Last post received a lot of comments, mainly because I did not mention other languages on it. The reason of the post was to show that Perl and Python are equivalent, just a matter of taste and personal preferences, and maybe of how comfortable one is with a programming language.
Also a mea culpa of missing Perl’s interactive shell. That would give Perl a slight advantage over Python, but in the end it really doesn’t matter.
The case for Java
A lot of people mentioned Java as a must for Bioinformatics, and I agree with them. But again it wasn’t in the scope of what I intended to write. Even though I don’t like Java (personal taste) I don’t deny its importance in the field, its robustness, its easy cross-platform development and power. Several large scale Java bioinformatics applications are available, showing all its features and beauty. Two good examples are Geneious and CLC Workbench, that are the closest you can get to project and database management in molecular biology.
I see Java dominating its niche in Bioinformatics, of the large scale, cross-platform GUI application development. At the same time Python and Perl “compete” for their niche of the small to medium applications to quickly deal with some data (sometimes large amounts), most of the time also cross-platform and sometimes only used in house. Ruby might be soon joining both for an extra competition. Just to be clear, I am not saying that either Perl or Python (you might include Ruby) are not engineered to large scale application development, or is not possible to use Java as an agile script language.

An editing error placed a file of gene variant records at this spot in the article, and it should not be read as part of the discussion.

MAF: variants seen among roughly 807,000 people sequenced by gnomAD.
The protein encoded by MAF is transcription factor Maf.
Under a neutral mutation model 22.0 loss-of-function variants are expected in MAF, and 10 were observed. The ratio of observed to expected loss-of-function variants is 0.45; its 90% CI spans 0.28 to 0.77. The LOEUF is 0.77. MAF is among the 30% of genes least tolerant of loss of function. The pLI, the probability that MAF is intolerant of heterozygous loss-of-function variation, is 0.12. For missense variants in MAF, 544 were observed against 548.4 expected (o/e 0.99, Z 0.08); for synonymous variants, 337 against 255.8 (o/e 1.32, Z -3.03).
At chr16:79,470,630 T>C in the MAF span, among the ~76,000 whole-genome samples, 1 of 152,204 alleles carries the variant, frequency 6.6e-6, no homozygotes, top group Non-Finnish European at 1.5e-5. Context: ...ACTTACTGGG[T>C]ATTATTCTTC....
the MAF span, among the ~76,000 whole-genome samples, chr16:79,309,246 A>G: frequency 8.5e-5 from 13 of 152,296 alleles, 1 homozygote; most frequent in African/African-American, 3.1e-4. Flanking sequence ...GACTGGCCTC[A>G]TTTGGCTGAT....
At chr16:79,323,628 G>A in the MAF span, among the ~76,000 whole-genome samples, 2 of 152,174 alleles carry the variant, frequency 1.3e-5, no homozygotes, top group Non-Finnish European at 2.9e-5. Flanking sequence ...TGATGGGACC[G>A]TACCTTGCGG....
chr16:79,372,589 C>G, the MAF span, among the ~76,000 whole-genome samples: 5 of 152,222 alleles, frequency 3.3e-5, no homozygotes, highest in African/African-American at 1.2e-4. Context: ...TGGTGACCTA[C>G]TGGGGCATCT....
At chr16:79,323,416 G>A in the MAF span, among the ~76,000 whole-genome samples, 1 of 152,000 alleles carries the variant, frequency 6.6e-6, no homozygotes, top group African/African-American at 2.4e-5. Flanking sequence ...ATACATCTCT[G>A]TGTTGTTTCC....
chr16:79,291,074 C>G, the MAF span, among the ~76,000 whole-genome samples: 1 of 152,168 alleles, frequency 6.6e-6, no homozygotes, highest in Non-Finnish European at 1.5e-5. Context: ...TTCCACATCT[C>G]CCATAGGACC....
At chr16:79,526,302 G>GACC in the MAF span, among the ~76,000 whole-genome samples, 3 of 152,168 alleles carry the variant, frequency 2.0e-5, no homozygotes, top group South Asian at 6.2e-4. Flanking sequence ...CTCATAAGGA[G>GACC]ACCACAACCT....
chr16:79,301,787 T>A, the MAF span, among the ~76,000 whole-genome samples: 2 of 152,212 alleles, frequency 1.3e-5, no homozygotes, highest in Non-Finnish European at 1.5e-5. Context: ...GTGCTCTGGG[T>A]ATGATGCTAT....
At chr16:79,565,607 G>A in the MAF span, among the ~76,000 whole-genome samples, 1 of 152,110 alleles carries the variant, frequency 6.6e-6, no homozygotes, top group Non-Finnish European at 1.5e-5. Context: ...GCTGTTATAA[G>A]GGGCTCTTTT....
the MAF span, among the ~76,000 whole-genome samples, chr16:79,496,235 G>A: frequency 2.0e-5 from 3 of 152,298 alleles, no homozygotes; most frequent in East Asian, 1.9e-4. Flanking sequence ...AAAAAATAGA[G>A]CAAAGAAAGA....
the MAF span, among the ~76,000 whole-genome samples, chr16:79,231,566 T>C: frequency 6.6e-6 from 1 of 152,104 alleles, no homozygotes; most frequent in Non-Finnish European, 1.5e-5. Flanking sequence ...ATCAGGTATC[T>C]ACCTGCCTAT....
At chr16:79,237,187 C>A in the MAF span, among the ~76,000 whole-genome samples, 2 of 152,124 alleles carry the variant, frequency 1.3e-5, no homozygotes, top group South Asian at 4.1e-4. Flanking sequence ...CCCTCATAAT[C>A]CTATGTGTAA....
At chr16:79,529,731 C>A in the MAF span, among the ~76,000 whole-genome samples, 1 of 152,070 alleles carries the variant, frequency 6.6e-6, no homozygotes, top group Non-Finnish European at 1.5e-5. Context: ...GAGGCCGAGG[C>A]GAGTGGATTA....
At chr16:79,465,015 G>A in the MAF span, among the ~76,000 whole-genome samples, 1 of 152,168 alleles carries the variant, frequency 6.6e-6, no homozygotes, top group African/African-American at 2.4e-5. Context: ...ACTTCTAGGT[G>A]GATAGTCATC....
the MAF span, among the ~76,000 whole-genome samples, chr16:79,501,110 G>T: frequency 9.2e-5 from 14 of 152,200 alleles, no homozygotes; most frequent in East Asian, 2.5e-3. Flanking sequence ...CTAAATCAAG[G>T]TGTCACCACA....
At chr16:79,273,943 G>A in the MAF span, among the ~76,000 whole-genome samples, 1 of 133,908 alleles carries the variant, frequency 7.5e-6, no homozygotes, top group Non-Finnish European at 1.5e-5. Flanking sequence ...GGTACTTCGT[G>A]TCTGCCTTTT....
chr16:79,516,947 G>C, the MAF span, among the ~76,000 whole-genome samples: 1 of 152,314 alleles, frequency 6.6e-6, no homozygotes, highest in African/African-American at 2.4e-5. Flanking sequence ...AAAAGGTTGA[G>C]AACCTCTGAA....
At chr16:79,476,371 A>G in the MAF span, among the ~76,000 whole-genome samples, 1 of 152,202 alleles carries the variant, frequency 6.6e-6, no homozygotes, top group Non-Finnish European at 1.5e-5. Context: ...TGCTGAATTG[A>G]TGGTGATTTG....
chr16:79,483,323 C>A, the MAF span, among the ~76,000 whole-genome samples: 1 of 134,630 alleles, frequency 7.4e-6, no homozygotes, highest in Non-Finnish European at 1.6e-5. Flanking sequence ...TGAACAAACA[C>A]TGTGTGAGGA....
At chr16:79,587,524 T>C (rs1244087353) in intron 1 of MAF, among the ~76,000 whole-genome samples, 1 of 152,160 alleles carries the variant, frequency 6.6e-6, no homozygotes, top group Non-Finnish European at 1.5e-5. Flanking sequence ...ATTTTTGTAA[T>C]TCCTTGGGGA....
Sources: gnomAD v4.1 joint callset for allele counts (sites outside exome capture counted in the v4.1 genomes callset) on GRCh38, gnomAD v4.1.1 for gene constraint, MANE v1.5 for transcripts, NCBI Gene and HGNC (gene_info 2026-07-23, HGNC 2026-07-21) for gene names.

I consider myself a generalist. I have tried many different languages and do not shy away of trying new ones now and then. In science the larger the diversity, the better, especially in bioinformatics. I would state the obvious by writing that each language is tailored to do different things, and it is also relevant in bioinformatics.
But as in any software development environment, you have to attach yourself to some rules. If you are a tenured professor with your own research program you might be able to use a more obscure language and impose on your lab such language.
On the other hand if you are a student or post-doc in a lab, you may not have that much liberty to use your language of choice. Sometimes, you will be working on someone else’s code, maybe going to upgrade an already released application. And in some cases, your boss don’t know that particular language and have no interest in learning it and have no interest in reviewing a code in a language she or he doesn’t understand. It is an identical situation for a developer or consultant starting a gig in a softhouse. You can bring your knowledge, but maybe you must code in C# even though you might not like it.
It also depends on the final use of the program. If it is going to be used in house just to generate results for a publication, you might have more liberty on what your decisions. But if if the application will be widely released, via publication or announcement, you probably need to follow the same rules of development and deployment as any commercial package.
And what do I consider obscure in bioinformatics? Maybe F#, OCaml, Haskell just to limit to the ones mentioned in the comments. I have F# and Haskell installed, but never toyed with them to be able to give a verdict. Never tried OCaml, but heard good things about it. R is a great environment, even though you might not do actual code in it and just use the functions and libraries available. I am starting with Ruby and giving a shot at Rails and will see how it goes.
There is space for most languages in Bioinformatics. It depends on your personal taste, the scope of your application and the environment where you working in. Just like any software development project.